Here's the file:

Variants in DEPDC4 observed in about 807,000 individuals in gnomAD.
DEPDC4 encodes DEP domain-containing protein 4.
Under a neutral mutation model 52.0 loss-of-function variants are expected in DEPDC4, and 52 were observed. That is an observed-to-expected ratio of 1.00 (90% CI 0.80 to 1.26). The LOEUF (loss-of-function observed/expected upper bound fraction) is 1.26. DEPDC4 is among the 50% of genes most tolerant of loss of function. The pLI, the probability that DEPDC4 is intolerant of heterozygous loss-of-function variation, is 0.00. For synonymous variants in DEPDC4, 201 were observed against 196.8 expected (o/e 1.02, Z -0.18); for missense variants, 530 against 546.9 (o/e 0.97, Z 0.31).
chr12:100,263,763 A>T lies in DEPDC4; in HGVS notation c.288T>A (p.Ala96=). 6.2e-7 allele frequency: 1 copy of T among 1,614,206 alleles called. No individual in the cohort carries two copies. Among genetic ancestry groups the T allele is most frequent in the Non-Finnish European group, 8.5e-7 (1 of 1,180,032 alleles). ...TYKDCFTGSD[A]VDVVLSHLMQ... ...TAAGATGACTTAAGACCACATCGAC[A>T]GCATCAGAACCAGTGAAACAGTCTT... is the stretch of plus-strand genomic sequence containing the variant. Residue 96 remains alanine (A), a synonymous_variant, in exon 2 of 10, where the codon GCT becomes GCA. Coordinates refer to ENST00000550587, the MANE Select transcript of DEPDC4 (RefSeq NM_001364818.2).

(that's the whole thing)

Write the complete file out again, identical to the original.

Variants in DEPDC4 observed in about 807,000 individuals in gnomAD.
DEPDC4 encodes DEP domain-containing protein 4.
Under a neutral mutation model 52.0 loss-of-function variants are expected in DEPDC4, and 52 were observed. That is an observed-to-expected ratio of 1.00 (90% CI 0.80 to 1.26). The LOEUF (loss-of-function observed/expected upper bound fraction) is 1.26. DEPDC4 is among the 50% of genes most tolerant of loss of function. The pLI, the probability that DEPDC4 is intolerant of heterozygous loss-of-function variation, is 0.00. For synonymous variants in DEPDC4, 201 were observed against 196.8 expected (o/e 1.02, Z -0.18); for missense variants, 530 against 546.9 (o/e 0.97, Z 0.31).
chr12:100,263,763 A>T lies in DEPDC4; in HGVS notation c.288T>A (p.Ala96=). 6.2e-7 allele frequency: 1 copy of T among 1,614,206 alleles called. No individual in the cohort carries two copies. Among genetic ancestry groups the T allele is most frequent in the Non-Finnish European group, 8.5e-7 (1 of 1,180,032 alleles). ...TYKDCFTGSD[A]VDVVLSHLMQ... ...TAAGATGACTTAAGACCACATCGAC[A>T]GCATCAGAACCAGTGAAACAGTCTT... is the stretch of plus-strand genomic sequence containing the variant. Residue 96 remains alanine (A), a synonymous_variant, in exon 2 of 10, where the codon GCT becomes GCA. Coordinates refer to ENST00000550587, the MANE Select transcript of DEPDC4 (RefSeq NM_001364818.2).